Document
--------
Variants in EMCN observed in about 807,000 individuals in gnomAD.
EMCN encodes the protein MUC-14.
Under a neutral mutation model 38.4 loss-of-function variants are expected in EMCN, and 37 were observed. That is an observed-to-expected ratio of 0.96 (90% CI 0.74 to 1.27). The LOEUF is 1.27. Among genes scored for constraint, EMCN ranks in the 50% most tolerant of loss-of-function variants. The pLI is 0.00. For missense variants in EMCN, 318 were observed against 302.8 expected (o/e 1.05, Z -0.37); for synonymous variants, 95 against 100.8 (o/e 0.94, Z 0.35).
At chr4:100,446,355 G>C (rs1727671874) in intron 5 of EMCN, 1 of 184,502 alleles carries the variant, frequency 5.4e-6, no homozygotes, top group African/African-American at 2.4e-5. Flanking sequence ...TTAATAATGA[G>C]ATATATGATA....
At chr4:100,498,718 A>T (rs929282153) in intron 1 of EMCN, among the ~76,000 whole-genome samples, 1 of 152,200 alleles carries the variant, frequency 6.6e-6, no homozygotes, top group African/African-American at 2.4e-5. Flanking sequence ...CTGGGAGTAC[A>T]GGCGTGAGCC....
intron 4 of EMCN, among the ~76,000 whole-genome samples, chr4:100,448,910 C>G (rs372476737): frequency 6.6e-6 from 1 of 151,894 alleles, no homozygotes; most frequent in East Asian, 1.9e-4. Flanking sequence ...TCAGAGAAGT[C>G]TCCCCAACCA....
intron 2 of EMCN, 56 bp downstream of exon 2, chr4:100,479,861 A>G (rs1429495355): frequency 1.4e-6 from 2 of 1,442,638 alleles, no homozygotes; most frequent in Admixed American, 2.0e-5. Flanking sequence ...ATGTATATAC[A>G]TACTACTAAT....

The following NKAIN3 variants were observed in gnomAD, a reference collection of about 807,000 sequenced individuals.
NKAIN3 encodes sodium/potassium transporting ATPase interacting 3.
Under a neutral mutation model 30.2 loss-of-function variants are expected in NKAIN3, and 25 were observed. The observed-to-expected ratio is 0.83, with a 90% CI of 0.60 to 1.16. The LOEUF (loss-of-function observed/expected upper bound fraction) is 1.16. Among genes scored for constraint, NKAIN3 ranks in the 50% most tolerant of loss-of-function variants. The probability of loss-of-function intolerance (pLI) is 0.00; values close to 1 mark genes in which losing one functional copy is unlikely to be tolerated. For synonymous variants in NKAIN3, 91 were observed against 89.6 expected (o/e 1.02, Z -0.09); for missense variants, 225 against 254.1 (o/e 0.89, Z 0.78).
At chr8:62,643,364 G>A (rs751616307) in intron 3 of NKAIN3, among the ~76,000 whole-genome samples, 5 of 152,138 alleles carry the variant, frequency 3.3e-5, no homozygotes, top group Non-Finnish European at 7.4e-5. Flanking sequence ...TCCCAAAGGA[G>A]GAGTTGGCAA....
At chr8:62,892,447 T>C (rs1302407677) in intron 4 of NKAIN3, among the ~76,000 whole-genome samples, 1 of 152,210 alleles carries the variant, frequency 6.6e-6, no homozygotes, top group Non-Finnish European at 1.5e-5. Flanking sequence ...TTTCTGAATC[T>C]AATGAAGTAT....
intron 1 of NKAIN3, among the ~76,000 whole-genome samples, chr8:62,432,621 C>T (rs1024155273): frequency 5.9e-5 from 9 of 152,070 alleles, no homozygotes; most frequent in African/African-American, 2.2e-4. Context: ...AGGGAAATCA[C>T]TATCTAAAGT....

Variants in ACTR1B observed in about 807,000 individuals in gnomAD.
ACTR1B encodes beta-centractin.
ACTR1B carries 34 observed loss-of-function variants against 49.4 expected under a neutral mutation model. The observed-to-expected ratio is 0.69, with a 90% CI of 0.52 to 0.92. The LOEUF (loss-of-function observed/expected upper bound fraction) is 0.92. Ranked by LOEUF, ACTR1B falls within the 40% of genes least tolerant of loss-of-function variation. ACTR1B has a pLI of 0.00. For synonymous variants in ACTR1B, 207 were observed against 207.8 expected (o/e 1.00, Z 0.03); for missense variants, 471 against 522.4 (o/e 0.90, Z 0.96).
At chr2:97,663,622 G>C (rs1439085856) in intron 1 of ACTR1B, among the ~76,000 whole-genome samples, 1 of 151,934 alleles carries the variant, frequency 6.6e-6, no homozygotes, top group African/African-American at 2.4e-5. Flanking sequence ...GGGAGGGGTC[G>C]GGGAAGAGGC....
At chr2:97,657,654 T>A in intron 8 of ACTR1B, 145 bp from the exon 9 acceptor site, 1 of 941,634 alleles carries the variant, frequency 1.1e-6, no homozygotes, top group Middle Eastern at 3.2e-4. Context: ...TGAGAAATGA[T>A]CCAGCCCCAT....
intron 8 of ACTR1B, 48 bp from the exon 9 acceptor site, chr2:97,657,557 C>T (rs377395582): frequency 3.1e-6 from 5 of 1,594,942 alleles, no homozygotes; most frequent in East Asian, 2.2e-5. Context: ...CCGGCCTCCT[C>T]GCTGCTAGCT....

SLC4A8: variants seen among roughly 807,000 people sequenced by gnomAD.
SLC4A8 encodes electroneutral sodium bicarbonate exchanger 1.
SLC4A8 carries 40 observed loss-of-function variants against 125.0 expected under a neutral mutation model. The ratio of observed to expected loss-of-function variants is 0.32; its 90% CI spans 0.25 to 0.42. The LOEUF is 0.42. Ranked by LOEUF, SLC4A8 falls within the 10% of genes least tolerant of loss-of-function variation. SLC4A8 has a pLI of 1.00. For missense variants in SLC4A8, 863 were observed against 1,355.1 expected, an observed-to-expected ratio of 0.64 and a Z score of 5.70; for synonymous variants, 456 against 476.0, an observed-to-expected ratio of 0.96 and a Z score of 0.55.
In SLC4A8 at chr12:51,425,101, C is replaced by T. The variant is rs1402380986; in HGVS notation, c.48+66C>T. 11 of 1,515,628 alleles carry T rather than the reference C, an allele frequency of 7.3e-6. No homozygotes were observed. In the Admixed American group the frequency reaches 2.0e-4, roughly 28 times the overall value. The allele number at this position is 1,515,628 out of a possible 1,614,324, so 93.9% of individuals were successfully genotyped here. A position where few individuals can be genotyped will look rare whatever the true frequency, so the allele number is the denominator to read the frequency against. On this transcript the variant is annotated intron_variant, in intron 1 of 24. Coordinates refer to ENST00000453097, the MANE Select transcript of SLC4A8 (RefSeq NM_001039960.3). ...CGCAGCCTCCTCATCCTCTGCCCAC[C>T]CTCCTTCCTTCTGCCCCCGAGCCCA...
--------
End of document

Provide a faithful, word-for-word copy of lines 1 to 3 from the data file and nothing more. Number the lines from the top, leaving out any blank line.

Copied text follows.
Variants in EMCN observed in about 807,000 individuals in gnomAD.
EMCN encodes the protein MUC-14.
Under a neutral mutation model 38.4 loss-of-function variants are expected in EMCN, and 37 were observed. That is an observed-to-expected ratio of 0.96 (90% CI 0.74 to 1.27). The LOEUF is 1.27. Among genes scored for constraint, EMCN ranks in the 50% most tolerant of loss-of-function variants. The pLI is 0.00. For missense variants in EMCN, 318 were observed against 302.8 expected (o/e 1.05, Z -0.37); for synonymous variants, 95 against 100.8 (o/e 0.94, Z 0.35).